Info session clears the air on asbestos – Gladstone Observer

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ASBESTOS was removed from building products in Queensland in 1983, but asbestos-related diseases may be around for years to come.

“We’re hitting the peak now, we’ve been the busiest we’ve ever been,” solicitor Emma Jahnke said.

Ms Jahnke was in Gladstone for the Asbestos Disease Support Society’s first visit to Gladstone and information session on the toxic material.

“Whereas diseases like asbestosis 10 years of heavy exposures would develop that condition,” she said.

“Asbestosis can be a really nasty condition or it can just sit and it might not cause death.

“The issue we are going to have is conditions like mesothelioma in the future because the diseases are all going to phase out but the meso will still be around.”

Another industrial disease with the potential to rival mesothelioma is black lung disease.

Ms Jahnke does not specialise in the disease, but has major concerns about it.

“I reckon potentially it could be the next epidemic,” she said.

“In 100 years it could be something else we don’t know about.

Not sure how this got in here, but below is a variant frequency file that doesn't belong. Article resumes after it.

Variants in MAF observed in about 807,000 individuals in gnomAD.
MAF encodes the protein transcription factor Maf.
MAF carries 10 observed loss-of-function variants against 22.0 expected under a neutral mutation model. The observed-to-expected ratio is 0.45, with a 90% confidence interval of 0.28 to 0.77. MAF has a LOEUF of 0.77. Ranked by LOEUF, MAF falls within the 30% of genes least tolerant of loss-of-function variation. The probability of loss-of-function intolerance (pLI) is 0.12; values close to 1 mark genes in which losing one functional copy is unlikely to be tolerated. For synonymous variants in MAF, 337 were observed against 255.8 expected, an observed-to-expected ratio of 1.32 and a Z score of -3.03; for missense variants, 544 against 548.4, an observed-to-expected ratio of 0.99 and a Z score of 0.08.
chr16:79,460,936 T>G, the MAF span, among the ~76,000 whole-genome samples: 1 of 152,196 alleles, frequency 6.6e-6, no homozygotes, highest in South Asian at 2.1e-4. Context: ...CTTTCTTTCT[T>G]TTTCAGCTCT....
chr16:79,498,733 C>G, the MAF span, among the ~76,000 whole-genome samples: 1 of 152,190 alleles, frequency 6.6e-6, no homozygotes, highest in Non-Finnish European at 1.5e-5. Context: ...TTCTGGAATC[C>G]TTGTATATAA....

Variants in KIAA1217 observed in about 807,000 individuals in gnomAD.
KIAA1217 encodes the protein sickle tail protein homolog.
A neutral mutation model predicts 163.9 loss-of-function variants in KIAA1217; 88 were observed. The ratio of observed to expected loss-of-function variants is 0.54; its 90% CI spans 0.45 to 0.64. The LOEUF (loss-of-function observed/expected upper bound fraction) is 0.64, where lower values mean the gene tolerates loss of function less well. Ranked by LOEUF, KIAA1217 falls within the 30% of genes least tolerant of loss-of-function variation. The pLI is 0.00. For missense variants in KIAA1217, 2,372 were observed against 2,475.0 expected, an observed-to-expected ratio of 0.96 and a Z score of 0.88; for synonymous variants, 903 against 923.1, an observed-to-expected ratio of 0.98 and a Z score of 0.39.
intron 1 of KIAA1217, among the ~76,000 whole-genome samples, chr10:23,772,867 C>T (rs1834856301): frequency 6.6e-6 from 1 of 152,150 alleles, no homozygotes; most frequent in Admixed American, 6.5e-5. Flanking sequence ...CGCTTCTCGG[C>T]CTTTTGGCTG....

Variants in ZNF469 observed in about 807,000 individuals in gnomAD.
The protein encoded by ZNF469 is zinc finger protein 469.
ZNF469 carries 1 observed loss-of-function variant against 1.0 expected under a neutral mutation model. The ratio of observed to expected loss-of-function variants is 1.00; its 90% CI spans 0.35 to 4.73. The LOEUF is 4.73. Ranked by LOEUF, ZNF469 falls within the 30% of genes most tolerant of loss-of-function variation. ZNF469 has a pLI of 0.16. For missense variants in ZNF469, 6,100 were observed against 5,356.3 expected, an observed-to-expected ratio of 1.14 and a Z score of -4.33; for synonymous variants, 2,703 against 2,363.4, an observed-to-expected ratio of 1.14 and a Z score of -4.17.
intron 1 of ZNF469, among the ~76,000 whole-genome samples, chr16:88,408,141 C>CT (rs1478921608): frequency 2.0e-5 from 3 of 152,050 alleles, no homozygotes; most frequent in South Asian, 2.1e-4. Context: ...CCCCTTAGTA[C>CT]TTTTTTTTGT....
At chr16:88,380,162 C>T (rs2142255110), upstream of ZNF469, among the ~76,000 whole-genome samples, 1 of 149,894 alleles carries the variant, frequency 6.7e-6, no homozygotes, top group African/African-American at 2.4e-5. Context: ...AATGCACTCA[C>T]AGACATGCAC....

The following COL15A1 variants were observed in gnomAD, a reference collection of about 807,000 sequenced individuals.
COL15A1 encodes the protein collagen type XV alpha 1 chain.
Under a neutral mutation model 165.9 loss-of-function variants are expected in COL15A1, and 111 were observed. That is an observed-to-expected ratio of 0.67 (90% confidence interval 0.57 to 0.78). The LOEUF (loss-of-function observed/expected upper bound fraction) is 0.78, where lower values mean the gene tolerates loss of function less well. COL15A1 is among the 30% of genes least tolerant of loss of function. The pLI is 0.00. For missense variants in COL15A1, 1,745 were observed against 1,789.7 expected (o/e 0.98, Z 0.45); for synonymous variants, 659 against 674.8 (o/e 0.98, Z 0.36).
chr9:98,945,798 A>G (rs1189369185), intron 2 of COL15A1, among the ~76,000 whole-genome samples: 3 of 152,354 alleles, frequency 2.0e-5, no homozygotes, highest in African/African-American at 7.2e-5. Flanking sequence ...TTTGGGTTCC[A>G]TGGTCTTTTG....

“Asbestos (medical) conditions are by far the worst anyone has ever seen – it’s Erin Brockovich on steroids.”

Yesterday, sufferers and family members of those who had died from mesothelioma meet other locals affected by asbestos-related diseases.

The morning tea was hosted by the society and Turner Freeman Lawyers, and was designed to allow affected locals to meet and set up a support network.

ADSS services support officer Leanne Pettersen was on hand to field questions and provide information.

“We try and get to the regional areas once a year,” Ms Pettersen said.

“It’s for people in this area to get together to talk with each other as well as having access to us if they’ve got questions.

“They come here to chat and learn from each other, (they) learn a lot from us and have access to the lawyers as well.”

Turner Freeman solicitor Ms Jahnke was there to provide information on compensation claims and to field other legal questions.

She said asbestos awareness was the key to avoid contracting the debilitating disease.

“People these days who are aware of it take a more flippant approach than they should,” she said.

“They won’t follow the right precautions because they reckon nothing will come of it, but it’s really perilous so people should be aware of the repercussions of working with and around asbestos.”

For more information about the Asbestos Disease Support Society visit https://www.adss.org.au/.

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